When applied in the economic development context, the Buswell test suggests more specific notice is needed for meetings concerning potentially controversial development projects, projects receiving public subsidies or contracts, or projects that otherwise attract heightened public interest. For example, a notice stating that a closed session under Wis. Stat. section 19.85(1)(e) will occur to discuss “potential development” would likely be insufficient, while a notice stating “negotiations relating to potential development agreement for big box general retailer at intersection of Highways X and Y” would more likely pass muster.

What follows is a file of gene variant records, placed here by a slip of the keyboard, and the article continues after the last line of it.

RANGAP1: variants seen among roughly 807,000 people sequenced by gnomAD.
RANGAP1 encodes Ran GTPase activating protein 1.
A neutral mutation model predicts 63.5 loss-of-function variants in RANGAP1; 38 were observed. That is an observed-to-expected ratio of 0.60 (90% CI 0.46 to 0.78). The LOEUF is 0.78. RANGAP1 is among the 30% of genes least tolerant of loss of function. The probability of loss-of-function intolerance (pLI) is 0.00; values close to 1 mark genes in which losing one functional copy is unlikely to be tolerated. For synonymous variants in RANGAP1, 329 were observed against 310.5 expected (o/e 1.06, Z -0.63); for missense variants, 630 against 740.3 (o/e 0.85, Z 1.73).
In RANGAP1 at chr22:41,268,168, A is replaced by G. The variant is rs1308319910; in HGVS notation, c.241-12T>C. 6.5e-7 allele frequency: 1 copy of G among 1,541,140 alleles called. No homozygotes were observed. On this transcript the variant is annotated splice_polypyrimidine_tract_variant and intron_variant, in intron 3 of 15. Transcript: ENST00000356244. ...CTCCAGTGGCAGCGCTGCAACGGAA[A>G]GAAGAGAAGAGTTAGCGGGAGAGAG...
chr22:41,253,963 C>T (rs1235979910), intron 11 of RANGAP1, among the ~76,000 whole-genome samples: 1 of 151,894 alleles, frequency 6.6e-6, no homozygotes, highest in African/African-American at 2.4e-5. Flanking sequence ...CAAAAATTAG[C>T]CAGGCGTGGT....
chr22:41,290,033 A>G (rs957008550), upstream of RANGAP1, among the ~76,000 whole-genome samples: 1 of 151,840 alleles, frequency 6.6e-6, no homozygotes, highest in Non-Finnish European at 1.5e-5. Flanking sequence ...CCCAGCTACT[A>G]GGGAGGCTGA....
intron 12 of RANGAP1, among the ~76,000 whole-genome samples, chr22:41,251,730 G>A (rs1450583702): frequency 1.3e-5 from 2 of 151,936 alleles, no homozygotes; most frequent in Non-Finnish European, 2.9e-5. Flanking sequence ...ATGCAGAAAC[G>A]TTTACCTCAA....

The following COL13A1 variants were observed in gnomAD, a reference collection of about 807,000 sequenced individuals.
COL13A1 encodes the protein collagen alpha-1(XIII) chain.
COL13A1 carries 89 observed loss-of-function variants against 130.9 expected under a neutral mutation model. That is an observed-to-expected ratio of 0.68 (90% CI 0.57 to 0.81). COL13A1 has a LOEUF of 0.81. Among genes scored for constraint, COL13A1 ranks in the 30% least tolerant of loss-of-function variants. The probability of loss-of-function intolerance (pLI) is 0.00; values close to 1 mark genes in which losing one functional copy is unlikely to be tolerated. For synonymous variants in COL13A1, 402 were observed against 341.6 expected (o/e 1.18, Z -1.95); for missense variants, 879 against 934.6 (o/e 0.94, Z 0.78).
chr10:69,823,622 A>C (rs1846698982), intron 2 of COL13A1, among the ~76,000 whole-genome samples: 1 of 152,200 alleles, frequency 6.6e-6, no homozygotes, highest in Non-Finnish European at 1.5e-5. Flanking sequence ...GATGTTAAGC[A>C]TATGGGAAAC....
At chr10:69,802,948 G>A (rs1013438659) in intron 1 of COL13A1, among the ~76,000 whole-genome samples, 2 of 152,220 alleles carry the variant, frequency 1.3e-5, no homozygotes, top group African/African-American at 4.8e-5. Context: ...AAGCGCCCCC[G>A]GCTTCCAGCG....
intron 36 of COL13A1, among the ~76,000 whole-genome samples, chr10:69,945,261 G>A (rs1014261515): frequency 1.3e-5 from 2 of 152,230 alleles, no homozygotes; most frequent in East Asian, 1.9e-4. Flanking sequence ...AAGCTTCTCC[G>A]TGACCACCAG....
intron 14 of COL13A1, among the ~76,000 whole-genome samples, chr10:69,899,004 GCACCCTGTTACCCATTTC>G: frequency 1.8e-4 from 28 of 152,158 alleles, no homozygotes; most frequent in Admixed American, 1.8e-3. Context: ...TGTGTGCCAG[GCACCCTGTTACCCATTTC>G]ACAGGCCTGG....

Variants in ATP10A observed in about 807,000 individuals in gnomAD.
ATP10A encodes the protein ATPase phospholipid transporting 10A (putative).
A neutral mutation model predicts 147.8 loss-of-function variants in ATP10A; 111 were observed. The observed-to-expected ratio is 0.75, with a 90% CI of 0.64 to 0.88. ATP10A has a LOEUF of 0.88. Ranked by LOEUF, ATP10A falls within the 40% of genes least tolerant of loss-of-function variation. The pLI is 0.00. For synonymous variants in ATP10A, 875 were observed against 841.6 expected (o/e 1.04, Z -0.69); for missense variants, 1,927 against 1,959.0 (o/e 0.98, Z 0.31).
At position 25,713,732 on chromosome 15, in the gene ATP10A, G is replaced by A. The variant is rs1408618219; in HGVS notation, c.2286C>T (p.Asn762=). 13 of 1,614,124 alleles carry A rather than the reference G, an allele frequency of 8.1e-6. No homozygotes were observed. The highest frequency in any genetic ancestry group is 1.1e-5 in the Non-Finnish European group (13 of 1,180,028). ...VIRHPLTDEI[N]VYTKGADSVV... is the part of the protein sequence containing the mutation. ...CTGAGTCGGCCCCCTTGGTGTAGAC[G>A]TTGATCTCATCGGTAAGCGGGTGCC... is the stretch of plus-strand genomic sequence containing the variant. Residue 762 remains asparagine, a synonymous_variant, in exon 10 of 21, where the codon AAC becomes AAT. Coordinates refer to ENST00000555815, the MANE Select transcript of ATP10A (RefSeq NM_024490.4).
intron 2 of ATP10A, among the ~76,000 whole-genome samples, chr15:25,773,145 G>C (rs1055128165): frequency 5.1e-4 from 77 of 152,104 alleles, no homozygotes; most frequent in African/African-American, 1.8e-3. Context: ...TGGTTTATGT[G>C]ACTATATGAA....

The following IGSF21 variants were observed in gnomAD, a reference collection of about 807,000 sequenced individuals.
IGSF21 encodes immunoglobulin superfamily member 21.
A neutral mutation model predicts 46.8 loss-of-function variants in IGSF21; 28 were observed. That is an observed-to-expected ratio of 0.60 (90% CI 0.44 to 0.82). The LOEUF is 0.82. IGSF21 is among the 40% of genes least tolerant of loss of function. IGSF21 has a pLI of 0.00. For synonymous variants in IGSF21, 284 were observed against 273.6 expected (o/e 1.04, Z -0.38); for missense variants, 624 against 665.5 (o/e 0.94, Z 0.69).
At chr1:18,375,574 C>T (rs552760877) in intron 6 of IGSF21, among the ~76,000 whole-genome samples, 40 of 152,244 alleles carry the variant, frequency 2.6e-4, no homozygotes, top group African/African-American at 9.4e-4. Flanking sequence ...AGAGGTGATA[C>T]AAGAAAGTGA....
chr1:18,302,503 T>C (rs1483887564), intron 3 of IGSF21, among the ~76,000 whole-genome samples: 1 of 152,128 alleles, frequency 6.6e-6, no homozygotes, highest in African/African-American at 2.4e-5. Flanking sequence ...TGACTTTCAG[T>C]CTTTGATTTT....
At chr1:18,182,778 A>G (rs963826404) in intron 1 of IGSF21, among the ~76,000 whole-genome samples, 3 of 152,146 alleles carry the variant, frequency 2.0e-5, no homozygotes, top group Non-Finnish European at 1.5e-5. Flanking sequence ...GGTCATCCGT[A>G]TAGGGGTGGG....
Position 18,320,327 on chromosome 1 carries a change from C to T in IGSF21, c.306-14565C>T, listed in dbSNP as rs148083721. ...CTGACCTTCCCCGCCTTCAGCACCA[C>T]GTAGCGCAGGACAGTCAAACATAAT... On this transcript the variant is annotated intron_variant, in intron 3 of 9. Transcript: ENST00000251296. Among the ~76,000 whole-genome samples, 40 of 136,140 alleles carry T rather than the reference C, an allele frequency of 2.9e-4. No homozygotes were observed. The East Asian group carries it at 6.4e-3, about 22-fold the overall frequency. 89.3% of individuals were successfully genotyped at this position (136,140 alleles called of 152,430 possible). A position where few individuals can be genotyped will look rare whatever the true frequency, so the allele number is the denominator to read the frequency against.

Finally, meetings should be in a location reasonably accessible to the public. The attorney general has opined that “public policy favors the holding of meetings of governmental bodies in public places, such as a town hall, fire station or schoolhouse, rather than a private home.”37 Two dissenting justices in the Beaver Dam case suggested that the “BDADC’s current arrangement of meeting at the private business places of Board members over the lunch hour is likely deficient.”38 While no case definitively resolves this issue, meetings held in private locations should, at a minimum, be large and accessible enough to accommodate any spectators.